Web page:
Movie Review: ‘When the Bough Breaks’ a solid place-filler until better movies come along
Just from the trailer alone, “When the Bough Breaks” suggested a Cinemax After Dark erotic thriller in Lifetime movie drag. You know it’s never going to be “good” but the implied level of sleaze and kitsch on display suggests something far more entertaining, something in which a very pregnant woman (with the word baby written on her stomach) is seducing people in an aquarium before murdering them with a pair of scissors.
Now that’s a movie, a movie all of us would like to see, but, unfortunately “When the Bough Breaks” is not that movie. In fact, it’s barely more than “The Hand that Rocks the Cradle” as filtered through a Land’s End catalog.
Regina Hall and Morris Chestnut star as a couple so boring their personalities can be summed up by the fact that one is a lawyer while the other isn’t. They also want a baby very, very badly. Enter Jaz Sinclair as a surrogate who’s practically perfect in every way. A little too practically perfect in every way, if you catch my drift.
For one thing, her boyfriend (Theo Rossi) is a smirk that walks like a man and, at one point, actually brags to Chestnut about being a really good peeper. Inevitably, Rossi is revealed to be abusing Sinclair and instead of placing Sinclair in a women’s shelter or a four star hotel or something that isn’t a terrible idea, Hall and Chestnut decide to allow her to bunk in the guest house of their sweeping estate.
Unknown to the oblivious couple is that dead-eyed Sinclair is harboring obsessive feelings for Chestnut and while Hall’s work requires her to travel around the world (strange considering she’s a chef. Who is she, Anthony Bourdain?) Sinclair further insinuates herself into Chestnut’s life by writing the word ‘baby’ on her stomach as she pretends to strip. On a lighter note, the film introduces us to Hall’s elderly cat Mrs. Havisham who is doted over and treated as if it were Hall’s own child. Much like every cop that’s ‘just two days away from retirement’ in every action movie, you can rest assured this cat will never, ever die.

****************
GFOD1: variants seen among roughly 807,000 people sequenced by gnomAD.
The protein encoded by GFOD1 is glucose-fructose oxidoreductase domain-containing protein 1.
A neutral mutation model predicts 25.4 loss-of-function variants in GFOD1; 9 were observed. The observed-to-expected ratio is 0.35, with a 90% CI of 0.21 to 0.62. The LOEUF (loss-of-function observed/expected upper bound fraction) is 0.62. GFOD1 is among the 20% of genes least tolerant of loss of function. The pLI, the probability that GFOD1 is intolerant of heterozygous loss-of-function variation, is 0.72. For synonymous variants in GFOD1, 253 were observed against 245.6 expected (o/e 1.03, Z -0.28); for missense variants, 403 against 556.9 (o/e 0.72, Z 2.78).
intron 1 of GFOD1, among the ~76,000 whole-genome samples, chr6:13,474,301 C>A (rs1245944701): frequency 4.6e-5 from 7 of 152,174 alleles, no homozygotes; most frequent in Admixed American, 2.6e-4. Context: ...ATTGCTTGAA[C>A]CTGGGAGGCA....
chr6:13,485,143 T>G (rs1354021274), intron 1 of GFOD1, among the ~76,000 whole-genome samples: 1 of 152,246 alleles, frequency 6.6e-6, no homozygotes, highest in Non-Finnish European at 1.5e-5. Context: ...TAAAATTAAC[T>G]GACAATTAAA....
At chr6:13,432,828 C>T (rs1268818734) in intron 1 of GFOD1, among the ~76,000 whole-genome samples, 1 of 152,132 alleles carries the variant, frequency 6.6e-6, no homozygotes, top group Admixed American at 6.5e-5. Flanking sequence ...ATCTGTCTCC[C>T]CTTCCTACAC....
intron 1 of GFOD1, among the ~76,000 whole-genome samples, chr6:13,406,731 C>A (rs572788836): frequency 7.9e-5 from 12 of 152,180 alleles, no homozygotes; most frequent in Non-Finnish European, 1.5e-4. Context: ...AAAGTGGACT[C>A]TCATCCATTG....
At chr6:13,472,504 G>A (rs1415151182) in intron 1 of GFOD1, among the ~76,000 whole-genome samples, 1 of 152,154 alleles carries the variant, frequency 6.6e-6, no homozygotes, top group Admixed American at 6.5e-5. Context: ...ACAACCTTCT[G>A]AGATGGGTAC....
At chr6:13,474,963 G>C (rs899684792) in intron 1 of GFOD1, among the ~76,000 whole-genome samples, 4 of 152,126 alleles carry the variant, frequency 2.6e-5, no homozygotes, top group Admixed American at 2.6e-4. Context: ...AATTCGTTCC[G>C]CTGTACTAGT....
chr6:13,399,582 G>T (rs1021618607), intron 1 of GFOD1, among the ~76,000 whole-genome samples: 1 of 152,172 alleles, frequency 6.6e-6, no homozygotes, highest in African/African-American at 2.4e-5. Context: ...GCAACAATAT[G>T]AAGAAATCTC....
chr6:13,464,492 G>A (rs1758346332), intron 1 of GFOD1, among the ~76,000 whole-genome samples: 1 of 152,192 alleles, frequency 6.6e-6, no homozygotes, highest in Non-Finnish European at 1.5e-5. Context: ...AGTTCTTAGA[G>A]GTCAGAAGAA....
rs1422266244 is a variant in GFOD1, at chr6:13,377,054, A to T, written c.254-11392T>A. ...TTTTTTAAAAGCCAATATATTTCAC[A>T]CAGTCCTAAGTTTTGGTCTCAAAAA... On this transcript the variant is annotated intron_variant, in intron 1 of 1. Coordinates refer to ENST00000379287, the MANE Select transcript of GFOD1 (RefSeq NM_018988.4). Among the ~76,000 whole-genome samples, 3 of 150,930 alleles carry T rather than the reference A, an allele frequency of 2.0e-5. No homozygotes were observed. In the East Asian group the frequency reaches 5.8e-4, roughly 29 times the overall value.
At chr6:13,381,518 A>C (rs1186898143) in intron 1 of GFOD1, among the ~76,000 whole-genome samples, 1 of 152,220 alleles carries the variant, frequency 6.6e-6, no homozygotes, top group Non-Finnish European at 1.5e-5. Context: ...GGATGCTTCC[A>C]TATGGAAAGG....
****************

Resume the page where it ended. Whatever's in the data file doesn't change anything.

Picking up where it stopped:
Like every bad knockoff of “Fatal Attraction,” “When the Bough Breaks” feels like the script was adapted from a lie a shitty husband told his wife after he was found with the babysitter. The premise is every middle-aged man’s fantasy poorly masquerading as every middle-aged man’s nightmare. At one point Hall forces Chestnut to take Sinclair to their secluded beach house so their extra-marital sex can save the life of his unborn son (not surprisingly, “When the Bough Breaks” was written by a dude).
Yet as stupid as all of this sounds, it’s not particularly fun. Partly because the film takes its exploitive premise far too seriously but mostly because “When the Bough Breaks” joylessly goes through the motions of every erotic thriller cliché. It’s the kind of bland, generic, cable-ready product in which Jan Michael Vincent and Joan Severance are conspicuous in their absence.
Apart from the overqualified likes of Hall and Chestnut, “When the Bough Breaks” wastes Romany Malco in a subplot that goes nowhere and “The Wire’s” Michael K. Williams as a private investigator who wanders into the film, takes an enormous exposition dump on the audiences’ laps and then wanders out of the film. Much like every other movie released this month, “When the Bough Breaks” exists as a place-holder; something to take up space at your local theater until something better comes along.
Mike Sullivan is a movie reviewer for Weekender. Movie reviews appear weekly in Weekender.
‘When the Bough Breaks’
Starring: Regina Hall, Theo Rossi, Michael K. Williams
Director: John Cassar
Weekender Rating: W
Length: 107 minutes